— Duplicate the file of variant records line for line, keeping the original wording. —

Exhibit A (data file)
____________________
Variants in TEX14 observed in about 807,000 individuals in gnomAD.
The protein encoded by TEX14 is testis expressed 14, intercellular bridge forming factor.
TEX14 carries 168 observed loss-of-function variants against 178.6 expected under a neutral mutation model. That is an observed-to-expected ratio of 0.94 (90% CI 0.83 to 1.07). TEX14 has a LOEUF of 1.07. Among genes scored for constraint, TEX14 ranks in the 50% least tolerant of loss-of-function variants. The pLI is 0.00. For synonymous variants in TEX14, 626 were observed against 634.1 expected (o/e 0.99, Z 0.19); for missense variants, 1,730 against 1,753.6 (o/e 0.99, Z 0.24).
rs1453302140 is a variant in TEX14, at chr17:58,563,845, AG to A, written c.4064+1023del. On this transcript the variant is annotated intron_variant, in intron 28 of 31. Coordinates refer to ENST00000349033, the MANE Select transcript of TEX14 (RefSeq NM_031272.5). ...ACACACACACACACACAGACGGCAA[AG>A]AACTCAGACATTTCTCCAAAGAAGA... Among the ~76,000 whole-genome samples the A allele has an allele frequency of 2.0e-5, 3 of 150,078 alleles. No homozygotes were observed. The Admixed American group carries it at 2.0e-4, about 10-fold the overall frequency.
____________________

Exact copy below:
Variants in TEX14 observed in about 807,000 individuals in gnomAD.
The protein encoded by TEX14 is testis expressed 14, intercellular bridge forming factor.
TEX14 carries 168 observed loss-of-function variants against 178.6 expected under a neutral mutation model. That is an observed-to-expected ratio of 0.94 (90% CI 0.83 to 1.07). TEX14 has a LOEUF of 1.07. Among genes scored for constraint, TEX14 ranks in the 50% least tolerant of loss-of-function variants. The pLI is 0.00. For synonymous variants in TEX14, 626 were observed against 634.1 expected (o/e 0.99, Z 0.19); for missense variants, 1,730 against 1,753.6 (o/e 0.99, Z 0.24).
rs1453302140 is a variant in TEX14, at chr17:58,563,845, AG to A, written c.4064+1023del. On this transcript the variant is annotated intron_variant, in intron 28 of 31. Coordinates refer to ENST00000349033, the MANE Select transcript of TEX14 (RefSeq NM_031272.5). ...ACACACACACACACACAGACGGCAA[AG>A]AACTCAGACATTTCTCCAAAGAAGA... Among the ~76,000 whole-genome samples the A allele has an allele frequency of 2.0e-5, 3 of 150,078 alleles. No homozygotes were observed. The Admixed American group carries it at 2.0e-4, about 10-fold the overall frequency.